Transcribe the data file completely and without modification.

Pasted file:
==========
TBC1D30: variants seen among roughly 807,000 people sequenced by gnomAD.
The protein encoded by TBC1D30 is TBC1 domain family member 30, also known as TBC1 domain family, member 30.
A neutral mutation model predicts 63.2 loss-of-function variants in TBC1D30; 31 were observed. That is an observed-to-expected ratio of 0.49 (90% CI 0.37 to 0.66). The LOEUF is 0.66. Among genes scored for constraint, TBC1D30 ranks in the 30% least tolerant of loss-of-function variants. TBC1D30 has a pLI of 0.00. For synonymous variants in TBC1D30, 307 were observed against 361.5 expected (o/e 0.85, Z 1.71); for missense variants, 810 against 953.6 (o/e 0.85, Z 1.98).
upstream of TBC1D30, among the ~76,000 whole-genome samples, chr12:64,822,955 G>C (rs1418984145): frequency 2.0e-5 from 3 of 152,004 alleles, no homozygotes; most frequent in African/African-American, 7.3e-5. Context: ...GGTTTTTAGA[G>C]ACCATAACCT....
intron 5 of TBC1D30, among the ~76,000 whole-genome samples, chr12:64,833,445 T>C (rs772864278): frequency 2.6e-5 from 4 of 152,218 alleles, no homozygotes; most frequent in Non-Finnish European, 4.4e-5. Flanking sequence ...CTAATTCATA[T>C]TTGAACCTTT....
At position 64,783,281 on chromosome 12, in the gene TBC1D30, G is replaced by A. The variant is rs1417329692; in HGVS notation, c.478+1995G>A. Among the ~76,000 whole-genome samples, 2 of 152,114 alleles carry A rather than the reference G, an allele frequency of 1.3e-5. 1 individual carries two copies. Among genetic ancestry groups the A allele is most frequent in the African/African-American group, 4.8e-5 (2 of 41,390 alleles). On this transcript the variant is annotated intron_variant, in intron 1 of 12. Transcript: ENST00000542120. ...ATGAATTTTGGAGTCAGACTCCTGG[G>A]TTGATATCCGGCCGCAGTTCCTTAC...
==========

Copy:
TBC1D30: variants seen among roughly 807,000 people sequenced by gnomAD.
The protein encoded by TBC1D30 is TBC1 domain family member 30, also known as TBC1 domain family, member 30.
A neutral mutation model predicts 63.2 loss-of-function variants in TBC1D30; 31 were observed. That is an observed-to-expected ratio of 0.49 (90% CI 0.37 to 0.66). The LOEUF is 0.66. Among genes scored for constraint, TBC1D30 ranks in the 30% least tolerant of loss-of-function variants. TBC1D30 has a pLI of 0.00. For synonymous variants in TBC1D30, 307 were observed against 361.5 expected (o/e 0.85, Z 1.71); for missense variants, 810 against 953.6 (o/e 0.85, Z 1.98).
upstream of TBC1D30, among the ~76,000 whole-genome samples, chr12:64,822,955 G>C (rs1418984145): frequency 2.0e-5 from 3 of 152,004 alleles, no homozygotes; most frequent in African/African-American, 7.3e-5. Context: ...GGTTTTTAGA[G>C]ACCATAACCT....
intron 5 of TBC1D30, among the ~76,000 whole-genome samples, chr12:64,833,445 T>C (rs772864278): frequency 2.6e-5 from 4 of 152,218 alleles, no homozygotes; most frequent in Non-Finnish European, 4.4e-5. Flanking sequence ...CTAATTCATA[T>C]TTGAACCTTT....
At position 64,783,281 on chromosome 12, in the gene TBC1D30, G is replaced by A. The variant is rs1417329692; in HGVS notation, c.478+1995G>A. Among the ~76,000 whole-genome samples, 2 of 152,114 alleles carry A rather than the reference G, an allele frequency of 1.3e-5. 1 individual carries two copies. Among genetic ancestry groups the A allele is most frequent in the African/African-American group, 4.8e-5 (2 of 41,390 alleles). On this transcript the variant is annotated intron_variant, in intron 1 of 12. Transcript: ENST00000542120. ...ATGAATTTTGGAGTCAGACTCCTGG[G>A]TTGATATCCGGCCGCAGTTCCTTAC...